5) In a half hour long 2-3 yr old group, you don’t have time for discipline. Children this age are too used to mommy or daddy and these boundaries don’t work in the same way as a 3-4 yr old group. When mom or dad is in the room, your authority is challenged, so it is your job to remind the parents how to motivate the kids and give them boundaries. You provide the structure for the class and have fun with the kids, and if you feel a child is not responding to your structure, work with the parent to help the child understand the boundaries, and help them feel safe to participate and enjoy themselves.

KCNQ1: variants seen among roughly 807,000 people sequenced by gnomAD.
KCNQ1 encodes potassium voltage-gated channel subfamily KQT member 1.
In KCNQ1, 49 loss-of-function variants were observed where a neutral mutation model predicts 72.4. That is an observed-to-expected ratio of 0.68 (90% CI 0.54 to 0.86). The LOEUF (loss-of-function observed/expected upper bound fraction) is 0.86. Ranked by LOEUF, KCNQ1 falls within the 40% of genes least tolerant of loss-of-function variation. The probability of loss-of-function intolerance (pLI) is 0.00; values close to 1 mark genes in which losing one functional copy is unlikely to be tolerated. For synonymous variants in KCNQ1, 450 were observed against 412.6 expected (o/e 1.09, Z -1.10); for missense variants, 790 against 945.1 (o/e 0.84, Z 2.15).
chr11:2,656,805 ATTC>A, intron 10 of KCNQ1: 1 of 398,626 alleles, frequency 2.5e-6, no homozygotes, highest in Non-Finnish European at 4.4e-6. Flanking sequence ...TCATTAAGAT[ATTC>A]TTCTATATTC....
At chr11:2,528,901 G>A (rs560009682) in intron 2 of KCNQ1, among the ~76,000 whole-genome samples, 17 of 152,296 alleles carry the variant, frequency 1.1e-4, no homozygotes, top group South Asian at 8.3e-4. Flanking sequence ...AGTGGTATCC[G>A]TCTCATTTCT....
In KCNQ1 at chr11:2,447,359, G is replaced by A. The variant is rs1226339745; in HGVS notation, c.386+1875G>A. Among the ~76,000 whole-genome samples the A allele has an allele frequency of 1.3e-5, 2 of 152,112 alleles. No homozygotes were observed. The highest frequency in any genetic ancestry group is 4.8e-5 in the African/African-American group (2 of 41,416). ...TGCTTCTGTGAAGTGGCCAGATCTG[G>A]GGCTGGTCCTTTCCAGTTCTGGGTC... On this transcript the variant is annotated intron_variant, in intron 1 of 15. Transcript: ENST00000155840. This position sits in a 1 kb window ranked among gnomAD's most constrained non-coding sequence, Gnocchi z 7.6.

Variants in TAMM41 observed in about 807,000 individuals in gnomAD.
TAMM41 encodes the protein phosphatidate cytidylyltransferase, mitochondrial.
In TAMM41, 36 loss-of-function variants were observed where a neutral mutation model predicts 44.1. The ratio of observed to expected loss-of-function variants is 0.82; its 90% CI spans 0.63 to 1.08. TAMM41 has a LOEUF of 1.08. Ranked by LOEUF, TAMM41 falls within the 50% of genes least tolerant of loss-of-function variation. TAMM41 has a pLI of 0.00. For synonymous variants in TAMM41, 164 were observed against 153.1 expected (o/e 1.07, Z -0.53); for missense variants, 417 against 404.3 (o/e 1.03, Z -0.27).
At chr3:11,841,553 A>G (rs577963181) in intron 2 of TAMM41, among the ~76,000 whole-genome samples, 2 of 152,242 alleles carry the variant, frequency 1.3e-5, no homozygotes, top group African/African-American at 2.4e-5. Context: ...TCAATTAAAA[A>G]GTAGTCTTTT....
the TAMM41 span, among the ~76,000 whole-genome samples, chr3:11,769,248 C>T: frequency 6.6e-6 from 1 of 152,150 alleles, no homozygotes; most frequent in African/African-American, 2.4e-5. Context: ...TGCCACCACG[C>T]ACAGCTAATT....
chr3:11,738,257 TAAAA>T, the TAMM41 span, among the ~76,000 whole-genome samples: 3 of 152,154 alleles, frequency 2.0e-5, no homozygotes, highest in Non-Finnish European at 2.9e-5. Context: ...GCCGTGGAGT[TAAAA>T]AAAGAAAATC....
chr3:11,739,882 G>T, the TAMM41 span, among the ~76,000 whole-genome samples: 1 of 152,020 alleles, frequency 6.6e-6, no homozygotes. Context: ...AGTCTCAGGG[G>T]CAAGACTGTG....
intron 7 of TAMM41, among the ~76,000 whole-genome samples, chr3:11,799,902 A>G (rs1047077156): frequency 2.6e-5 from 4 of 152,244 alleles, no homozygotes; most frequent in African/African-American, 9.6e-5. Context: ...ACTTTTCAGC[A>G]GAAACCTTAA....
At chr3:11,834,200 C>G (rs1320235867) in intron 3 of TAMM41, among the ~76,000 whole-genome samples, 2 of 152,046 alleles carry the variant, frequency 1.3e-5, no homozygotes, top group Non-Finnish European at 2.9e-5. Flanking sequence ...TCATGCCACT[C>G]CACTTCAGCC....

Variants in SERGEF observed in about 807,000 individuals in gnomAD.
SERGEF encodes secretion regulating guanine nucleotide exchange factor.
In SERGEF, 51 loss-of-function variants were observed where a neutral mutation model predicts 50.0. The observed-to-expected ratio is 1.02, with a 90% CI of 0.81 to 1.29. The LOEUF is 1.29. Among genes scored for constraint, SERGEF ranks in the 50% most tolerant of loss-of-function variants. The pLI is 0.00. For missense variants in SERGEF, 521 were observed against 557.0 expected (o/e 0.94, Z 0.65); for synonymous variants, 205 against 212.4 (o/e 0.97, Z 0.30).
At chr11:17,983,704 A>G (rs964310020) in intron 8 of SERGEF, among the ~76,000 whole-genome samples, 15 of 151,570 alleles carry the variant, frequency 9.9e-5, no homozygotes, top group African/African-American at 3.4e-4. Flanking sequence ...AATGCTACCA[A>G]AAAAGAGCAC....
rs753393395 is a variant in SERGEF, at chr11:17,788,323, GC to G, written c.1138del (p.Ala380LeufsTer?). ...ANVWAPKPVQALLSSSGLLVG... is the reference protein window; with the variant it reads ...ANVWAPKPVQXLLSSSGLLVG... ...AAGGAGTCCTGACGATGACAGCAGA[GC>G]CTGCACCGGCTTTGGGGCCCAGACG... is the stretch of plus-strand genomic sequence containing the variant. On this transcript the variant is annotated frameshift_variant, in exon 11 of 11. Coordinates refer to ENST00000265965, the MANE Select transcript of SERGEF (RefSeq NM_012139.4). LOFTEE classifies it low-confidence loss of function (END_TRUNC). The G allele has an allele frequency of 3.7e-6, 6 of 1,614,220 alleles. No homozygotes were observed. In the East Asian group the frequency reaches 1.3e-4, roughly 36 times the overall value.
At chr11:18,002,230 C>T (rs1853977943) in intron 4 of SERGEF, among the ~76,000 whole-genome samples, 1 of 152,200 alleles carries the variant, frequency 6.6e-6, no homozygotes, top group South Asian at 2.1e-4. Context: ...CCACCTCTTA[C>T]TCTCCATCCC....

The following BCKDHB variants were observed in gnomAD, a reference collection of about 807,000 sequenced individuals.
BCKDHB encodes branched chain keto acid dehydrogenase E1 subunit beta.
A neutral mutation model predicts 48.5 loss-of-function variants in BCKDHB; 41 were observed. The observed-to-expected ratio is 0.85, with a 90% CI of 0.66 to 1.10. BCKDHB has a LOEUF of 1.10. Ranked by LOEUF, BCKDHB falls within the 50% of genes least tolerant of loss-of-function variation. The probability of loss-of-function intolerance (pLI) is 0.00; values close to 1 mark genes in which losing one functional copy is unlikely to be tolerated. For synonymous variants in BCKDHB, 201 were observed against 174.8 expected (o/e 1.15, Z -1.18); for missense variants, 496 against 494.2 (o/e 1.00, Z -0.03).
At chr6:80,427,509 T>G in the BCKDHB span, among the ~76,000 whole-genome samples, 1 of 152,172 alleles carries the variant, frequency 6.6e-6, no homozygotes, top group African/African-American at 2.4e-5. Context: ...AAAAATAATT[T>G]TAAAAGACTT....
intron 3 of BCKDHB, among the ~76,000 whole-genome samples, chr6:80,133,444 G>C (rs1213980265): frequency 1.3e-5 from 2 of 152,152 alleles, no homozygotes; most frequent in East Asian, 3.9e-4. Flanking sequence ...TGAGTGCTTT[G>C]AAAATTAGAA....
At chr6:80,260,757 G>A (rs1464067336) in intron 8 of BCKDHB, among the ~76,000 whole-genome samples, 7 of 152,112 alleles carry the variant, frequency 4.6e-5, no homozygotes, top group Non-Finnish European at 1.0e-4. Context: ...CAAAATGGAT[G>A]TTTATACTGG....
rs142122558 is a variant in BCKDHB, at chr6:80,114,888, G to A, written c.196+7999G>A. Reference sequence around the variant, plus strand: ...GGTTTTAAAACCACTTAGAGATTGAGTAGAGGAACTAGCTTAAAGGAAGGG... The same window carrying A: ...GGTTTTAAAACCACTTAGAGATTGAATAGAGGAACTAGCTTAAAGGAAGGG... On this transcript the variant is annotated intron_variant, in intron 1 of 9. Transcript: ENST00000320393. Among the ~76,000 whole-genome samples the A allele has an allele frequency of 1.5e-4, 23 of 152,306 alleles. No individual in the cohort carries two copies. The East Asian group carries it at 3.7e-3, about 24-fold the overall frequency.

Oh God, I could go on forever. We are REAL teachers, and the sooner people realize this, the less we will have to tolerate concrete floors, patronizing parents, gender-specific/Anne Geddes-esque course titles, low pay for low hours, no breaks, etc.

    It’s worth it in moderation. When I see a child transform before my eyes into a confident individual who loves to move, I could cry. It is magic. All the other bullshit is worth it just for that.

    I will stop now.